But in a ringing endorsement of the Indian leader, the BJP won the biggest victory secured by any party in recent decades in the battleground state. According to the Election Commission, it was ahead in more than 320 seats in the 403-member state assembly.

    BJP’s chief strategist in the polls, Amit Shah, attributed the huge win to Modi’s pro-poor policies and the “politics of performance.” Calling it a historic mandate, he said that “The country’s poor people have put their faith in a big way in Mr. Modi.”

    Party workers held raucous celebrations outside the party office in New Delhi and Uttar Pradesh’s capital, Lucknow, setting off fire crackers and dancing.

    Political analysts said the resounding victory in Uttar Pradesh puts the BJP in a commanding position ahead of the 2019 general elections and enhances Modi’s reputation as a strong leader who can make politically risky decisions.

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    Rutte, Wilders Swap Jibes in Debate 36 Hours Before Dutch Vote

    Here is the opening of this topical article from Bloomberg:

    Dutch Prime Minister Mark Rutte and populist Freedom Party leader Geert Wilders questioned each other’s credibility and integrity as they faced off on live national television for the first time in the country’s election campaign, just 36 hours before the polls open.

    The Liberal premier said he will not trust Wilders again after the Freedom Party walked away from supporting Rutte’s first minority cabinet in 2012 amid an economic crisis. “I’m not going to work with such a party again,” Rutte said at the end of the debate in Rotterdam Monday. “Not in a cabinet, and not even relying on you for support outside the government. No, never ever.”

    Wilders accused Rutte of breaking promises he made before the elections in 2012. “Who still believes Rutte? I still see him standing there,” the Freedom Party leader said. “We would get tax cuts, a tougher policy on immigration, we would get 1,000 euros. And what came out of these promises? We had record after record immigration. And taxes only increased.”’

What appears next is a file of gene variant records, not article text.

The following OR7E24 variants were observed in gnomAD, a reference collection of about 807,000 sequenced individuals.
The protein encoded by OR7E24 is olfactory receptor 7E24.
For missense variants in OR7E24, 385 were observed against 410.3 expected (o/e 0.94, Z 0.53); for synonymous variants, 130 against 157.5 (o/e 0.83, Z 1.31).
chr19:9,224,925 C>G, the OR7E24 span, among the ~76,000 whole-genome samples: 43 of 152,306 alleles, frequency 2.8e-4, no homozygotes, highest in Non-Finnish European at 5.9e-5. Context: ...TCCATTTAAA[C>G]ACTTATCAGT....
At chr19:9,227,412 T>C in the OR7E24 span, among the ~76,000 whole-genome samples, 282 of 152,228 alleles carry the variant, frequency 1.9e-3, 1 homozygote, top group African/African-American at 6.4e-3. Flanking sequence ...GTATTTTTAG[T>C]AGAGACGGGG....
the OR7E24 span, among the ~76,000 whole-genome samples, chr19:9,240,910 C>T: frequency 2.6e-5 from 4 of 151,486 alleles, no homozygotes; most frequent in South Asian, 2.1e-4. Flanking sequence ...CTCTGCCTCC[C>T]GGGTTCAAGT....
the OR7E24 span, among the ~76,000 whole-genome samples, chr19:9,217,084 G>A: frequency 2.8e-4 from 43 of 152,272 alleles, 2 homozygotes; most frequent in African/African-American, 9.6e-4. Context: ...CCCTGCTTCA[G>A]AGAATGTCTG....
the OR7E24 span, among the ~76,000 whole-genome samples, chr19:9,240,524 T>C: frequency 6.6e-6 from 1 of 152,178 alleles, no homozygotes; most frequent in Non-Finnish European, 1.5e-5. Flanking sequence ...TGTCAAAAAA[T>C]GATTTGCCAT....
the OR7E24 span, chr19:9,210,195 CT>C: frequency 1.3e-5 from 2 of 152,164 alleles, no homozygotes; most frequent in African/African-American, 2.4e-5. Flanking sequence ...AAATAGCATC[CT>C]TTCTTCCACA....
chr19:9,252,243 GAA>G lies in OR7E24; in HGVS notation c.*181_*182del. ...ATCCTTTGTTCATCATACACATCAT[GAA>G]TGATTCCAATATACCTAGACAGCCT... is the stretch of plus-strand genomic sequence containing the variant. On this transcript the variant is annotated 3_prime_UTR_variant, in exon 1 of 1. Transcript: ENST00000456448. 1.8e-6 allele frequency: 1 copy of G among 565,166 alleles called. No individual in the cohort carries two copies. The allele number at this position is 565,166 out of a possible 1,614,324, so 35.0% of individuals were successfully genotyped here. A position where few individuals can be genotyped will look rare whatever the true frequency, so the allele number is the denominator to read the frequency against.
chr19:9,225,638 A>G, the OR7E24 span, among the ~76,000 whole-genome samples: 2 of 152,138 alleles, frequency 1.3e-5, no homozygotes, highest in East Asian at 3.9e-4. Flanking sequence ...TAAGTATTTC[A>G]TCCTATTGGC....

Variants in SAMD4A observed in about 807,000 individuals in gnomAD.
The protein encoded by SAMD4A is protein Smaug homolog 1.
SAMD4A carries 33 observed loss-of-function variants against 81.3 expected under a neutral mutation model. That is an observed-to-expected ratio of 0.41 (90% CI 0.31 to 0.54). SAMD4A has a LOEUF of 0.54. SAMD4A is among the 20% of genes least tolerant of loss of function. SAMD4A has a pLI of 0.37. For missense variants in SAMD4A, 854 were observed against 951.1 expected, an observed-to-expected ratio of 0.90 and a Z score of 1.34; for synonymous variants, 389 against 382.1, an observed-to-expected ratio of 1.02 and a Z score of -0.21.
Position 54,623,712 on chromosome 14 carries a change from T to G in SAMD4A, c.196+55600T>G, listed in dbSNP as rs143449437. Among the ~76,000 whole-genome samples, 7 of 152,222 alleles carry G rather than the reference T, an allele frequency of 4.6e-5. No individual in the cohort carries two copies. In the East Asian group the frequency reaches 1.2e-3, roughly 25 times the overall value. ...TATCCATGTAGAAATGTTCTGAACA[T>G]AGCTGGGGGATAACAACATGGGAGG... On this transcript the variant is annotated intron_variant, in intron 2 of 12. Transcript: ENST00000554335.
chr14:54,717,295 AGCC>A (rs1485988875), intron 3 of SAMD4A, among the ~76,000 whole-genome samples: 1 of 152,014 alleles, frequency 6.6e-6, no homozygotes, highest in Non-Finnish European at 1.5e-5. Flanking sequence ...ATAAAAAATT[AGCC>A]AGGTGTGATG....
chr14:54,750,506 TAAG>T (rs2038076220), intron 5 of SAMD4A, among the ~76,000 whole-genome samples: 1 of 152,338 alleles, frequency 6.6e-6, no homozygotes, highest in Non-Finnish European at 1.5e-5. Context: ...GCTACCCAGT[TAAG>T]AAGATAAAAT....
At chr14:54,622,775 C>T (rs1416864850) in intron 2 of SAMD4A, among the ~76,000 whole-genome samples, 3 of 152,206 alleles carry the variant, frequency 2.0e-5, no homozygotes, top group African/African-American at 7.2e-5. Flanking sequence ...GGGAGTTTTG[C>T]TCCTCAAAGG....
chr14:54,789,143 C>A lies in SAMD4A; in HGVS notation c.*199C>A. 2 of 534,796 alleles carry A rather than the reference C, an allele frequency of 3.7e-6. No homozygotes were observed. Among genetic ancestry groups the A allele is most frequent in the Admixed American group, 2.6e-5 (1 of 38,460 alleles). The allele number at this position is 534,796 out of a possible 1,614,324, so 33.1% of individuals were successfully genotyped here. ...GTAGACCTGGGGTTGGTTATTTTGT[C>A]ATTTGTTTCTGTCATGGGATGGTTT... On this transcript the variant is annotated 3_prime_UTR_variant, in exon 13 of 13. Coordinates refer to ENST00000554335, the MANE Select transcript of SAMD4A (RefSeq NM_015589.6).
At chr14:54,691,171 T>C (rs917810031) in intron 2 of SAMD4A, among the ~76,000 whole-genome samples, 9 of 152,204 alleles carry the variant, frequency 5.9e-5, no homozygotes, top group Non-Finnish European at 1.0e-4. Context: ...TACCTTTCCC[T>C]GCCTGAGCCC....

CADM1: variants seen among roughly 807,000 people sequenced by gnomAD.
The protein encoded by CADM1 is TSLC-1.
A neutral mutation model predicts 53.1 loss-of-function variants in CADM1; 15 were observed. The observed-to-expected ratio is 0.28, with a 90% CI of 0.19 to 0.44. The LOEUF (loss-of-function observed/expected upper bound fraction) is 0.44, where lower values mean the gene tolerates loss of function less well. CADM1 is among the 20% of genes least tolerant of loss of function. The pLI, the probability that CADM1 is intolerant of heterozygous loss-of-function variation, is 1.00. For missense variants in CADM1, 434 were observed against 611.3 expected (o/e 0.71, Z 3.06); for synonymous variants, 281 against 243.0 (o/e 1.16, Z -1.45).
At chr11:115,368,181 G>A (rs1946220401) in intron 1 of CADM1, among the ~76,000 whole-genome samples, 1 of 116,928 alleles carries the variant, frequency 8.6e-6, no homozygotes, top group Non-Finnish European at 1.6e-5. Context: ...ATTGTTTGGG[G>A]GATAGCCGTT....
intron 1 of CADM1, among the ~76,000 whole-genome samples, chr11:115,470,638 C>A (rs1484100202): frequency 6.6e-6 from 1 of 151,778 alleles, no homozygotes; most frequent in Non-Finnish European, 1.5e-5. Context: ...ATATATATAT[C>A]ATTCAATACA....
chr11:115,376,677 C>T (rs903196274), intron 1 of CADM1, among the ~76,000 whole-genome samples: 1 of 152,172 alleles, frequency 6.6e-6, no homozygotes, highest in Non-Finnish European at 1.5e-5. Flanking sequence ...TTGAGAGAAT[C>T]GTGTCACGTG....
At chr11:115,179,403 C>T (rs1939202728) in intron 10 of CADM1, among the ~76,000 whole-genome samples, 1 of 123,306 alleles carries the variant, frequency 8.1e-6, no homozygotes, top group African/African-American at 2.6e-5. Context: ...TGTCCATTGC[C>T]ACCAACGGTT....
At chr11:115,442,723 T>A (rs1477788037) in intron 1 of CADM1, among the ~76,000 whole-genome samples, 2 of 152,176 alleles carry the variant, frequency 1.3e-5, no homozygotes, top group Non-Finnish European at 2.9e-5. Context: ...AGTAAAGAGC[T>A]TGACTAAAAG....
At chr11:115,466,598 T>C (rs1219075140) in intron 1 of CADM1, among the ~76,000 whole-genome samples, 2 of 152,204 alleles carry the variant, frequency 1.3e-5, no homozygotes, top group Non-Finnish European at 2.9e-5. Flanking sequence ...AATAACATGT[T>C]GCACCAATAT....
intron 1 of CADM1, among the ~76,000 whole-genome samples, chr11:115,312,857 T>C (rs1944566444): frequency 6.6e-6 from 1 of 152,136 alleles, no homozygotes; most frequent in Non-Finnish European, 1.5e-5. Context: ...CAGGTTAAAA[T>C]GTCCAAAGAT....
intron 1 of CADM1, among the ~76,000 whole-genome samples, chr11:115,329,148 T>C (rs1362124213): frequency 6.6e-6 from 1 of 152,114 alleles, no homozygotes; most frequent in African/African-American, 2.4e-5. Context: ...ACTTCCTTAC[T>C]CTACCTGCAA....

Three opinion polls Monday showed little change in the overall situation in the final stretch before the election. Two showed Rutte’s Liberals ahead of the anti-Islam, anti-European Union Freedom Party by a margin of three to four seats, with the other showing the two parties in a tie. Rutte has overtaken Wilders in most surveys as polling day approaches.

    No party is set to win more than a fifth of the seats in the 150-member lower house, so a multiparty coalition will be needed. All the other major parties have ruled out working with Wilders.

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    Modi Win Spurs Jump in Indian Stock Futures, Rupee Forwards

    This article by Abhishek Vishnoi for Bloomberg may be of interest to subscribers. Here is a section:

    India’s stock futures and currency forwards jumped after Prime Minister Narendra Modi’s bigger-than-expected win in state elections increased expectations for a continuation of his reform agenda.

    Modi’s Bharatiya Janata Party won 312 seats in the 403- member assembly of Uttar Pradesh, according to the Election Commission of India, up from 47 in 2012. The results of the race in India’s largest state were seen as a litmus test of Modi’s popularity and reforms, including opening up the country to more foreign investment and seeking to introduce a goods and services tax, ahead of general elections in 2019.

    “Though markets expected the BJP to do well in polls, the ultimate result surpassed even the most optimistic assumptions,” said Vivek Rajpal, a rates strategist at Nomura Holdings Inc. in Singapore. “These election results increase the expectation toward further reforms” and will be treated “very positively,” by markets, he said.

     

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    Intel to Acquire Mobileye

    This press release may be of interest to subscribers. Here is a section:

    “As cars progress from assisted driving to fully autonomous, they are increasingly becoming data centers on wheels. Intel expects that by 2020, autonomous vehicles will generate 4,000 GB of data per day, which plays to Intel’s strengths in high-performance computing and network connectivity. The complexity and computing power of highly and fully autonomous cars creates large-scale opportunities for high-end Intel® Xeon® processors and high-performance EyeQ®4 and EyeQ®5 SoCs, high-performance FPGAs, memory, high-bandwidth connectivity, and computer vision technology.

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    SEC Decision on the proposed Winklevoss bitcoin ETF

    Thanks to a subscriber for this link to the full text of the SEC’s decision to disallow the bitcoin ETF. Here is a key section:

    As discussed further below, the Commission is disapproving this proposed rule change because it does not find the proposal to be consistent with Section 6(b)(5) of the Exchange Act, which requires, among other things, that the rules of a national securities exchange be designed to prevent fraudulent and manipulative acts and practices and to protect investors and the public interest.